Yesterday I posted about happiness being a choice. Largely speaking, most of the events in our lives are out of our control but the one thing we do have firm control over is the attitude we choose with which to confront the world. On an intuitive level, it would follow that a happy worker is more productive, but I’ve also written about the problems with trusting intuition. Clinical studies and testable, repeatable research are better. Daniel Sgroi, Assistant Professor of Industry and Organization at the University of Warwick, recently completed a study which tested the micro-level links between happiness and economic behavior. An excerpt:
One of the biggest growth areas in economics over the last few years has been “happiness economics”. A plethora of intriguing results, starting with Easterlin’s famous paradox breaking the link between well-being and income (Easterlin 1974) through to recent counterintuitive findings showing that “happier countries” produce more suicide cases (Oswald 1997), all show that we still do not have a clear mental grip on how mood links to economic variables such as income or economic growth…
With this in mind, my colleagues and I address the question: does happiness make people more productive in a paid task? (Oswald et al. 2009). Using an experimental methodology, we find that it does. We demonstrate this in a piece-rate “white-collar” setting with otherwise well-understood properties. The effect operates through a rise in sheer output rather than in the per-item quality of the laboratory subjects’ work. Effort increases. Precision remains unaltered. In our first experiment, we induce short-run shocks to happiness and find a pronounced positive effect on productivity. In our second, we turn to the longer run when we ask whether subjects who have experienced recent “life shocks” perform significantly differently, and again, we find that they do…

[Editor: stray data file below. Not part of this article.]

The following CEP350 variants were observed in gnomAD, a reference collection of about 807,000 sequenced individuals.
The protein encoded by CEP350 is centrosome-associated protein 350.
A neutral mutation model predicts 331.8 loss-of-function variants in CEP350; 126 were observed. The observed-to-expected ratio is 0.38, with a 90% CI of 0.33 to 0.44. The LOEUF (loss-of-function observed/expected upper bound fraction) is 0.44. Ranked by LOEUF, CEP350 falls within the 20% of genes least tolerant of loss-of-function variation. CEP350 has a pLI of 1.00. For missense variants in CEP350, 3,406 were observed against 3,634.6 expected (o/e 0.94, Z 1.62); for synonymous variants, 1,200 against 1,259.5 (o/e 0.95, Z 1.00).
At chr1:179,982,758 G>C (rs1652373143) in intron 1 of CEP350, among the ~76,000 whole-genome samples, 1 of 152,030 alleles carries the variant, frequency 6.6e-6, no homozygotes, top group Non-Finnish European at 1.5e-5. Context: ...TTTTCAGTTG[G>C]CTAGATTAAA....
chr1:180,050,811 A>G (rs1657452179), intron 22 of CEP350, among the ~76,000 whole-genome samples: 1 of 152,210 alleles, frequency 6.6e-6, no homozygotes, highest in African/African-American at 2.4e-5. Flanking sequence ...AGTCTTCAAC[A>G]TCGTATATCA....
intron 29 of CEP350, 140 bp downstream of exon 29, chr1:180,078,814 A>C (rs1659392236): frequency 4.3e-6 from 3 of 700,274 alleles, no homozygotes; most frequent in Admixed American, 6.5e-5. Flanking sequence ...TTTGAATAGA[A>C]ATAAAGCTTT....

Let’s start by focussing on Experiment 1, i.e. a short-run mood-induction experiment. We used a video clip, composed of a ten-minute comedy routine, to induce a short-run happiness shock in some of our subjects. Our subject-pool was composed of a group of 276 subjects drawn from the University of Warwick. Of these, 182 took part in the main experiment, while the others participated in further sessions designed to test robustness to different payment regimes and alternative movie clips. The subject pool in the main version of experiment 1 was made up of 110 males and 72 females. Our measure of productivity was to ask subjects to correctly add 5 2-digit numbers as many times as possible within 10 minutes.
The first question we might ask is, were we successful in boosting happiness using the comedy clip. Glancing at Figure 1 the answer seems an unreserved yes. In fact those subjects who saw the movie reported a happiness level of 0.99 points higher on a 7-point scale.
Next and most importantly, what was the impact of the treatment (viewing the happiness-inducing video) on productivity? Glancing at Figure 2 we see the effect was a significant and sizeable boost to productivity. In fact, 10.49% more additions were successfully completed by our treated group.
Figure 2. Number of correct additions in Experiment 1
There are two more experiments to be found in the article, including the effects of long-run happiness. Hit the link if you would like to read them but the results are the same: happy workers are more productive. What does this mean for new lawyers?
As Professor Sgroi notes, there does not seem to be a relationship between happiness and the quality of one’s work. However, happiness seemingly does affect one’s output. Now, it’s certainly not realistic to only work when happy. There are going to be plenty of times in which one could be happy, sad, or indifferent – but work must still be completed. Instead, it’s probably best to try and create a work environment which you find pleasurable and cultivate an attitude of positivity. Because if you are happy, and therefore more productive, you’re going to be able to increase the quantity of your work product – and bill more hours. Something that is going to make both partners, and you, happy.